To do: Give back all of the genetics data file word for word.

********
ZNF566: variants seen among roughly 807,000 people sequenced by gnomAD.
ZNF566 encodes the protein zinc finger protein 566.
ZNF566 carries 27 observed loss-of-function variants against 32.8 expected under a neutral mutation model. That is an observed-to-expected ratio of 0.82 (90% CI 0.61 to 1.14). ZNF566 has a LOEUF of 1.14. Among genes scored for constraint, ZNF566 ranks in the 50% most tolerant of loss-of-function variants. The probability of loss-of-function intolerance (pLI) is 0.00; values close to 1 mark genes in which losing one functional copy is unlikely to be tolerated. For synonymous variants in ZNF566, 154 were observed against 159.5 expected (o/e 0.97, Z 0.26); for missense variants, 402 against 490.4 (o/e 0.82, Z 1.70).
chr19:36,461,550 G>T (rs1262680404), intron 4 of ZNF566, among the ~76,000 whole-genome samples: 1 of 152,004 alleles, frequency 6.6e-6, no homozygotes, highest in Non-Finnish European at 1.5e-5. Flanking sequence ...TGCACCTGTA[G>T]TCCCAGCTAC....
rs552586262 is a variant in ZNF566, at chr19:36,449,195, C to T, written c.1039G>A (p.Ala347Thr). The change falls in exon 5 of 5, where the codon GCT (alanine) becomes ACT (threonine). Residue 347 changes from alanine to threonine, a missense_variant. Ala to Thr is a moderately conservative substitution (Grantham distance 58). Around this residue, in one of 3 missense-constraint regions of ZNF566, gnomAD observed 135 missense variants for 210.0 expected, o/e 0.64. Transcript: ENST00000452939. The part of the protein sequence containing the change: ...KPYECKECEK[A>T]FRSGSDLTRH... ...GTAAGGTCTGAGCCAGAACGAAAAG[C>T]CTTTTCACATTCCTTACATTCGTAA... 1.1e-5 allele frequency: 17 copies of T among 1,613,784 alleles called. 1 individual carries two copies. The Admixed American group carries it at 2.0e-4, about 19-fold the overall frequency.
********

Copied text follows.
ZNF566: variants seen among roughly 807,000 people sequenced by gnomAD.
ZNF566 encodes the protein zinc finger protein 566.
ZNF566 carries 27 observed loss-of-function variants against 32.8 expected under a neutral mutation model. That is an observed-to-expected ratio of 0.82 (90% CI 0.61 to 1.14). ZNF566 has a LOEUF of 1.14. Among genes scored for constraint, ZNF566 ranks in the 50% most tolerant of loss-of-function variants. The probability of loss-of-function intolerance (pLI) is 0.00; values close to 1 mark genes in which losing one functional copy is unlikely to be tolerated. For synonymous variants in ZNF566, 154 were observed against 159.5 expected (o/e 0.97, Z 0.26); for missense variants, 402 against 490.4 (o/e 0.82, Z 1.70).
chr19:36,461,550 G>T (rs1262680404), intron 4 of ZNF566, among the ~76,000 whole-genome samples: 1 of 152,004 alleles, frequency 6.6e-6, no homozygotes, highest in Non-Finnish European at 1.5e-5. Flanking sequence ...TGCACCTGTA[G>T]TCCCAGCTAC....
rs552586262 is a variant in ZNF566, at chr19:36,449,195, C to T, written c.1039G>A (p.Ala347Thr). The change falls in exon 5 of 5, where the codon GCT (alanine) becomes ACT (threonine). Residue 347 changes from alanine to threonine, a missense_variant. Ala to Thr is a moderately conservative substitution (Grantham distance 58). Around this residue, in one of 3 missense-constraint regions of ZNF566, gnomAD observed 135 missense variants for 210.0 expected, o/e 0.64. Transcript: ENST00000452939. The part of the protein sequence containing the change: ...KPYECKECEK[A>T]FRSGSDLTRH... ...GTAAGGTCTGAGCCAGAACGAAAAG[C>T]CTTTTCACATTCCTTACATTCGTAA... 1.1e-5 allele frequency: 17 copies of T among 1,613,784 alleles called. 1 individual carries two copies. The Admixed American group carries it at 2.0e-4, about 19-fold the overall frequency.